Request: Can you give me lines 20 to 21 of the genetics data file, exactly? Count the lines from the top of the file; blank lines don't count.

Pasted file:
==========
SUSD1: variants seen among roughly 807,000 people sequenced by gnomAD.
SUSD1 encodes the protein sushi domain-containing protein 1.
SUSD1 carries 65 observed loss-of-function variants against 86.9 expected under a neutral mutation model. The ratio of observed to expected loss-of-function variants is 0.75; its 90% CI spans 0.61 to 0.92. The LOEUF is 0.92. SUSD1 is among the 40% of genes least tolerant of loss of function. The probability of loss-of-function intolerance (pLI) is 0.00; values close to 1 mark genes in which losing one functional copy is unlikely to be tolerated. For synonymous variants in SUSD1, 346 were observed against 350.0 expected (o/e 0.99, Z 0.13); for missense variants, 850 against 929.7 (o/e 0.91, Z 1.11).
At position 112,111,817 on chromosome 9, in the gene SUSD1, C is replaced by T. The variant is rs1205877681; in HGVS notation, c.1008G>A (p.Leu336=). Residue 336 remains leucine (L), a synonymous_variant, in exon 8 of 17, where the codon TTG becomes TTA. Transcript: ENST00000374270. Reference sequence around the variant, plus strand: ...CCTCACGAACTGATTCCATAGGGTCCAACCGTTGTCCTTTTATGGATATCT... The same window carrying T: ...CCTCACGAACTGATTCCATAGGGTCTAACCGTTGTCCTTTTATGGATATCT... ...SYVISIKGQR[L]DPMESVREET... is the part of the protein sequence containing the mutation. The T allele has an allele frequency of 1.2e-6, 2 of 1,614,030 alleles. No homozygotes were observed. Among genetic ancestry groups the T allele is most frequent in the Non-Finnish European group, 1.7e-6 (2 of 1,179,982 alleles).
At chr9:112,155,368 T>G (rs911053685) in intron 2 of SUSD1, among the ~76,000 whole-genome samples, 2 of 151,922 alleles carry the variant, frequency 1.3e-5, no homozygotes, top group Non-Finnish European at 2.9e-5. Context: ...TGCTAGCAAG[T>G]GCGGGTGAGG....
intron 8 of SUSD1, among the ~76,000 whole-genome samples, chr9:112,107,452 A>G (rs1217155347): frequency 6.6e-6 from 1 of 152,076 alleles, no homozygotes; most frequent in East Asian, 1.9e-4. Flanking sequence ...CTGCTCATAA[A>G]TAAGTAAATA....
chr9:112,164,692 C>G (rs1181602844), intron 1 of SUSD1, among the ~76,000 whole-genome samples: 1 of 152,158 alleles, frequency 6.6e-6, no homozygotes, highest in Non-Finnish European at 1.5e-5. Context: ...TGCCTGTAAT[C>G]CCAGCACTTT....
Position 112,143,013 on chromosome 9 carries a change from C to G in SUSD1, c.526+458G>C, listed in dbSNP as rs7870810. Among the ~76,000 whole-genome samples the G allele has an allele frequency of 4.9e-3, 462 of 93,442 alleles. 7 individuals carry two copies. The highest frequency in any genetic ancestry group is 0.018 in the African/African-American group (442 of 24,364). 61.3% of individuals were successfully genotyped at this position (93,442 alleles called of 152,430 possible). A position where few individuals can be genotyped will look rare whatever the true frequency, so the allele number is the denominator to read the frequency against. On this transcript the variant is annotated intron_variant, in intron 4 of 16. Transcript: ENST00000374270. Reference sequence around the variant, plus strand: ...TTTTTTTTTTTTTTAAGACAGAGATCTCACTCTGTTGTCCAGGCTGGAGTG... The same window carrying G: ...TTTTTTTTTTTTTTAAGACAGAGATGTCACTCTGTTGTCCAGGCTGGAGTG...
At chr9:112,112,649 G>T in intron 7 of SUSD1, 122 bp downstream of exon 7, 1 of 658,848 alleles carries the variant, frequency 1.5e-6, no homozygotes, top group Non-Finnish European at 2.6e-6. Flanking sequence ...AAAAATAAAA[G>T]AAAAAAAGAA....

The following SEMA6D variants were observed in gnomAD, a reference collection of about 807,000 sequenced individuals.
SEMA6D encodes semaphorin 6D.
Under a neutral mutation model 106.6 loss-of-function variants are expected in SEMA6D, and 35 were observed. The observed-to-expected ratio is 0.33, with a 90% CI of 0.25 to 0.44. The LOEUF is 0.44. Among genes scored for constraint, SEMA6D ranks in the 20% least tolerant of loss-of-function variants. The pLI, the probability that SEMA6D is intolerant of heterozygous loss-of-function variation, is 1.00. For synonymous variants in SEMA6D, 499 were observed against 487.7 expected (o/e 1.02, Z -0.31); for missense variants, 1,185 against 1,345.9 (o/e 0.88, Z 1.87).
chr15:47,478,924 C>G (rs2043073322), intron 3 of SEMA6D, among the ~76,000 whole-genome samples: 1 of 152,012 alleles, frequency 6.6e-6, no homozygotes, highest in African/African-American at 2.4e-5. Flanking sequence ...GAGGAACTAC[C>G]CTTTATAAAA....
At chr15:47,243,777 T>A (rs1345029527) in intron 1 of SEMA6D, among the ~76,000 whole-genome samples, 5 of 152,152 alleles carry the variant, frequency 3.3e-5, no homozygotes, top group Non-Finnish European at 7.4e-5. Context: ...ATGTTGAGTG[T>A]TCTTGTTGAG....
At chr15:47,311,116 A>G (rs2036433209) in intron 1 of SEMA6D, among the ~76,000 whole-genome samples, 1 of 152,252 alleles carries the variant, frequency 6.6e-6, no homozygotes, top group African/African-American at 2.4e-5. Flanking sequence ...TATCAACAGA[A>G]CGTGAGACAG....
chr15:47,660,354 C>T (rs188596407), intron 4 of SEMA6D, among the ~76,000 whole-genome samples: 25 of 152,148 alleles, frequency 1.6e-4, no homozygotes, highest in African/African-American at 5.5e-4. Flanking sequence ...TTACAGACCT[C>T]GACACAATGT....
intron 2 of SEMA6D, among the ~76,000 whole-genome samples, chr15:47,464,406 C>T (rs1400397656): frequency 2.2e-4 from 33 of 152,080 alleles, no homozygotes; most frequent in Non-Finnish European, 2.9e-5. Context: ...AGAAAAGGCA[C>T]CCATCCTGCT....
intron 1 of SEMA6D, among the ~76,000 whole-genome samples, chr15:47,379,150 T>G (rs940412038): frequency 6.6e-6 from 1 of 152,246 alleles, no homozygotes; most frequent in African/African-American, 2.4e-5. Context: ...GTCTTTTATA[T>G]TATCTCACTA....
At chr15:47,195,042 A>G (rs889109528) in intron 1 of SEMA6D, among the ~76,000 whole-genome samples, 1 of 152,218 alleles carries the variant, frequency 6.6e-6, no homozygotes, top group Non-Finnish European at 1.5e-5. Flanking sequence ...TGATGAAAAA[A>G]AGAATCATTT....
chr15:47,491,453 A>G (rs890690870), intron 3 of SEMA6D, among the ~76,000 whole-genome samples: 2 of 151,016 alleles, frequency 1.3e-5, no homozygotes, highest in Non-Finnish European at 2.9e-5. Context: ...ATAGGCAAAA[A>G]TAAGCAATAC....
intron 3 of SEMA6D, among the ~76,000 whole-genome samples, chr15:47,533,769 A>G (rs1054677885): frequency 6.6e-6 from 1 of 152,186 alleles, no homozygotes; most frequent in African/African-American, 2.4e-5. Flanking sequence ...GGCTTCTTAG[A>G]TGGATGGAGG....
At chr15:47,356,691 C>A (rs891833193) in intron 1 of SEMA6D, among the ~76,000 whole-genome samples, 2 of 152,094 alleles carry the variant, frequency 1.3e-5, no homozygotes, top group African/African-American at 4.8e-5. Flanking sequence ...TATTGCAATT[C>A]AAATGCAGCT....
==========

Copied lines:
chr15:47,491,453 A>G (rs890690870), intron 3 of SEMA6D, among the ~76,000 whole-genome samples: 2 of 151,016 alleles, frequency 1.3e-5, no homozygotes, highest in Non-Finnish European at 2.9e-5. Context: ...ATAGGCAAAA[A>G]TAAGCAATAC....
intron 3 of SEMA6D, among the ~76,000 whole-genome samples, chr15:47,533,769 A>G (rs1054677885): frequency 6.6e-6 from 1 of 152,186 alleles, no homozygotes; most frequent in African/African-American, 2.4e-5. Flanking sequence ...GGCTTCTTAG[A>G]TGGATGGAGG....